Bolton and other critics of the INF argue that if Russia is in violation of the treaty and has no intention of returning to compliance, that the U.S. military is at a distinct disadvantage by continuing to abide by the agreement. In addition, the United States already has to contend with other countries, most notably China, which do not have follow the deal’s terms at all.
“We have no ground-based capability that can threaten China because of, among other things, our rigid adherence, and rightfully so, to the treaty that we sign onto, the INF treaty,” U.S. Navy Admiral Harry Harris, then head of U.S. Pacific Command, told the Senate Armed Services Committee in March 2018. “Over 90 percent of China’s ground-based missiles would violate the treaty,” he had told the House Armed Services Committee the month before. Harris, who is now U.S. Ambassador to South Korea, has developed a close relationship with Trump.
These are valid arguments in principle. If Russia is in violation of the INF, there have to be penalties of some sort, or else the point of having the deal at all is moot. At the same time, the U.S. military following the terms of the INF has indeed left it without any weapons in this category.
Weapons with limited utility
The real question, however, is whether or not the absence of those weapons puts the United States at as much a strategic disadvantage as Bolton and other critics of the INF would suggest. As noted, the treaty has not limited the development of air- and sea-based missile systems within the prescribed range and also does not prohibit land-based systems with ranges greater than 3,420 miles, leaving the U.S. military with other conventional and nuclear deterrent options.
“There are no military requirements we cannot currently satisfy due to our compliance with the INF Treaty,” U.S. Air Force General Paul Selva, Vice Chairman of the Joint Chiefs of Staff, told members of the House Armed Services Committee in 2017. “While there is a military requirement to prosecute targets at ranges covered by the INF Treaty, those fires do not have to be ground-based.”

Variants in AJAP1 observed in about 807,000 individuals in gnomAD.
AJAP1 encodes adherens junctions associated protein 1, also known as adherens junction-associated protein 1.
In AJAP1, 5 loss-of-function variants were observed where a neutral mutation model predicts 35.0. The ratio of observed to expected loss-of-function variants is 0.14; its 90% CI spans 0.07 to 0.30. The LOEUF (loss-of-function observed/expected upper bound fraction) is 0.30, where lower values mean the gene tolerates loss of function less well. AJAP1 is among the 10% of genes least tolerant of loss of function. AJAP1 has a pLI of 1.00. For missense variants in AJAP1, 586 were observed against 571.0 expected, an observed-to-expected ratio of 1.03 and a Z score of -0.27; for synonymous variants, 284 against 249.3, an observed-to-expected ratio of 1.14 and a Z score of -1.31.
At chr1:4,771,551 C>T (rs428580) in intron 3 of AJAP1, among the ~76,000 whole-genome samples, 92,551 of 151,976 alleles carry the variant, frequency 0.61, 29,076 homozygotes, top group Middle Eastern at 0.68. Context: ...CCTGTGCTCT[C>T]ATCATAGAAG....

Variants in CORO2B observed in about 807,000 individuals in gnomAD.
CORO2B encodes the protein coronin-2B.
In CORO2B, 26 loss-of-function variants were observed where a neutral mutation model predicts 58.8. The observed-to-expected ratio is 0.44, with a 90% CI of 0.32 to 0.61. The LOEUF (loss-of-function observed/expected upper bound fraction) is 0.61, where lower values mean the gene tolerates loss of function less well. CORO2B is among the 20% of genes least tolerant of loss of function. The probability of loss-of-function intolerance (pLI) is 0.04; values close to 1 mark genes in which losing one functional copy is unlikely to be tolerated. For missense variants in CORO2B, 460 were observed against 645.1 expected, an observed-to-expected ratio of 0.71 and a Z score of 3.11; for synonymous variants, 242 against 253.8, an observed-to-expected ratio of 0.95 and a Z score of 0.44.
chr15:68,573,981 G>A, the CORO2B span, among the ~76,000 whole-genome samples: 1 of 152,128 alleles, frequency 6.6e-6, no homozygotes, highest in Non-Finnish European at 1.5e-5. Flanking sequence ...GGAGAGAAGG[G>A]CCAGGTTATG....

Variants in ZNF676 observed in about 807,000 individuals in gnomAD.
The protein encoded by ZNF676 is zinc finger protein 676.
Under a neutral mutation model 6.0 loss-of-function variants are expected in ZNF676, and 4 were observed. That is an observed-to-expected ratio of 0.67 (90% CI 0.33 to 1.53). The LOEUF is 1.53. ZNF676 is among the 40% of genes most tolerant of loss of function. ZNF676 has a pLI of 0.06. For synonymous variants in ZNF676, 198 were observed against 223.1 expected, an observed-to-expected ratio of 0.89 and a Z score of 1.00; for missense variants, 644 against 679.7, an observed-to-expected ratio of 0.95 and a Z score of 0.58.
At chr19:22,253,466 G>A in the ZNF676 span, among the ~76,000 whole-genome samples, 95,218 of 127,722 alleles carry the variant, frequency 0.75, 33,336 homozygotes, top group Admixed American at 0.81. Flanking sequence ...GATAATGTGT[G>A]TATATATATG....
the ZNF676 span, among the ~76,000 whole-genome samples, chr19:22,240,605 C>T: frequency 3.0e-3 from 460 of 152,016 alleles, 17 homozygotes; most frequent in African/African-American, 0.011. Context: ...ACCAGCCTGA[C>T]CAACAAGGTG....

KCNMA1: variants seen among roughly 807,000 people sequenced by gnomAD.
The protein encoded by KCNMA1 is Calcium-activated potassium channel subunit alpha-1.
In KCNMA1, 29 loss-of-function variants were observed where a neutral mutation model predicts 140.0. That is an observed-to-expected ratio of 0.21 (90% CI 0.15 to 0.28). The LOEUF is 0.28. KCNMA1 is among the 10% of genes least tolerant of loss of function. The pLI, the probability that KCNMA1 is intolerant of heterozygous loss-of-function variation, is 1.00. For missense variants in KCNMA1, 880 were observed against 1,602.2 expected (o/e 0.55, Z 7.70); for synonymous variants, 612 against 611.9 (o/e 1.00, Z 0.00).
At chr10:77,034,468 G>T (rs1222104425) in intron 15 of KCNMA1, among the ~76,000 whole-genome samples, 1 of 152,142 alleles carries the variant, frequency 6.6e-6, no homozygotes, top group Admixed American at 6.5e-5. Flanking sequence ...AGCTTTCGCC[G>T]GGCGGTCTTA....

Selva did say that INF-banned systems would improve the “flexibility and the scale of our intermediate-range strike capabilities,” but did not note whether or not a weapon system in breach of the treaty was the only way to provide that capability. The U.S. military has significant air-launched conventional and nuclear-tipped cruise missiles and sea-launched cruise missiles with conventional warheads that have similar ranges to systems the treaty banned, but are compliant with the agreement. In terms of nuclear deterrent capability, there are also ground-launched and submarine-launched nuclear-tipped ballistic missiles, as well as stockpiles of nuclear gravity bombs.
At present, the United States is developing a new nuclear-capable air-launched cruise missile, modified sea-launched nuclear-armed ballistic missiles with “low-yield warheads,” and is investigating the potential of fielding a nuclear-armed sea-launched cruise missile. The latter two weapons are understood to be aimed at countering Russian INF-violating systems.
The U.S. military is also pushing ahead rapidly with air-, sea-, and ground-based hypersonic weapons, all of which will offer prompt strike options on short notice against time-sensitive and highly defenses targets, potentially including Russian SSC-8 batteries. The U.S. Army is also developing its own plans to field a new quasi-ballistic missile that has a range that is right below the low end of the INF's range restrictions, as well as railguns and superguns with extended range capabilites that the treaty doesn't cover at all.
Even if the U.S. government has determined that this layered array of options would not provide sufficient deterrents against Russia’s employment of its INF-breaching missiles, or to Chinese or other foreign systems not subject to the treaty, a comparable U.S. system might not be a realistic answer. By their very definition, the land-based systems the deal covers are “intermediate range” in nature, which would require them to be forward deployed in the same general region as their intended targets.
The United States has limited options when it comes to using its own national territory for this purpose and there is no guarantee that the United States would be able to secure approval from allies and partners to deploy nuclear-capable intermediate-range weapons onto their soil, or in the case of many European countries re-deploy these types of missiles, which would immediately make them a target during any potential conflict and could prompt domestic protests. This would apply equally to U.S. allies both in Europe and in the Pacific region.
Though often described as a bilateral deal between the United States and Russia, the INF isn’t just about those two countries. The Soviet Union, not Russia, signed the INF, and Belarus, Kazakhstan, and Ukraine all continue to honor it despite now being independent countries.
So, eliminating the deal could touch off a major arms race, especially in Ukraine, which is already under significant threat from Russian INF-compliant missiles. The deal has also provided an umbrella of security for smaller NATO members and other American partners in Europe, many of whom might feel the need to develop their own weapon systems or countermeasures or who might simply resent the United States making a unilateral decision. The Trump Administration had reportedly issued an ultimatum of sorts to other members of NATO about the need to come to a consensus about how to approach Russian violations of the INF in December 2017.